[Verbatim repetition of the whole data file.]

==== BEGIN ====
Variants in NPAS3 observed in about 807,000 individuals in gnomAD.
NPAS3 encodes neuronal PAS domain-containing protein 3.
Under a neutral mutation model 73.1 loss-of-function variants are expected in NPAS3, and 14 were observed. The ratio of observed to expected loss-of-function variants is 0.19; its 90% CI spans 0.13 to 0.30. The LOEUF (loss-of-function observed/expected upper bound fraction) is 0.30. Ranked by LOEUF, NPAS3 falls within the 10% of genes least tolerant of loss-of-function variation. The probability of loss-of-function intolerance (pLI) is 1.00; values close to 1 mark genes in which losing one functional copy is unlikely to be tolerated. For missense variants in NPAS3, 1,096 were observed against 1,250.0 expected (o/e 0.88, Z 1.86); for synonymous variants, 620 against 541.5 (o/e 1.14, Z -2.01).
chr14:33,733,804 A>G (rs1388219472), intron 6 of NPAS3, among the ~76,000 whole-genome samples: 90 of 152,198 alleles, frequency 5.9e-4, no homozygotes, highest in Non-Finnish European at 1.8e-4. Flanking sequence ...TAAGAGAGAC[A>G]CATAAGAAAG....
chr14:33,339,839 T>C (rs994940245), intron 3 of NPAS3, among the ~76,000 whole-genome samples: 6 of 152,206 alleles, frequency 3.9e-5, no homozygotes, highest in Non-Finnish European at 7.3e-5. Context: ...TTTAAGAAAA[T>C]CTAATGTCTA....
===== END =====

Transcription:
Variants in NPAS3 observed in about 807,000 individuals in gnomAD.
NPAS3 encodes neuronal PAS domain-containing protein 3.
Under a neutral mutation model 73.1 loss-of-function variants are expected in NPAS3, and 14 were observed. The ratio of observed to expected loss-of-function variants is 0.19; its 90% CI spans 0.13 to 0.30. The LOEUF (loss-of-function observed/expected upper bound fraction) is 0.30. Ranked by LOEUF, NPAS3 falls within the 10% of genes least tolerant of loss-of-function variation. The probability of loss-of-function intolerance (pLI) is 1.00; values close to 1 mark genes in which losing one functional copy is unlikely to be tolerated. For missense variants in NPAS3, 1,096 were observed against 1,250.0 expected (o/e 0.88, Z 1.86); for synonymous variants, 620 against 541.5 (o/e 1.14, Z -2.01).
chr14:33,733,804 A>G (rs1388219472), intron 6 of NPAS3, among the ~76,000 whole-genome samples: 90 of 152,198 alleles, frequency 5.9e-4, no homozygotes, highest in Non-Finnish European at 1.8e-4. Flanking sequence ...TAAGAGAGAC[A>G]CATAAGAAAG....
chr14:33,339,839 T>C (rs994940245), intron 3 of NPAS3, among the ~76,000 whole-genome samples: 6 of 152,206 alleles, frequency 3.9e-5, no homozygotes, highest in Non-Finnish European at 7.3e-5. Context: ...TTTAAGAAAA[T>C]CTAATGTCTA....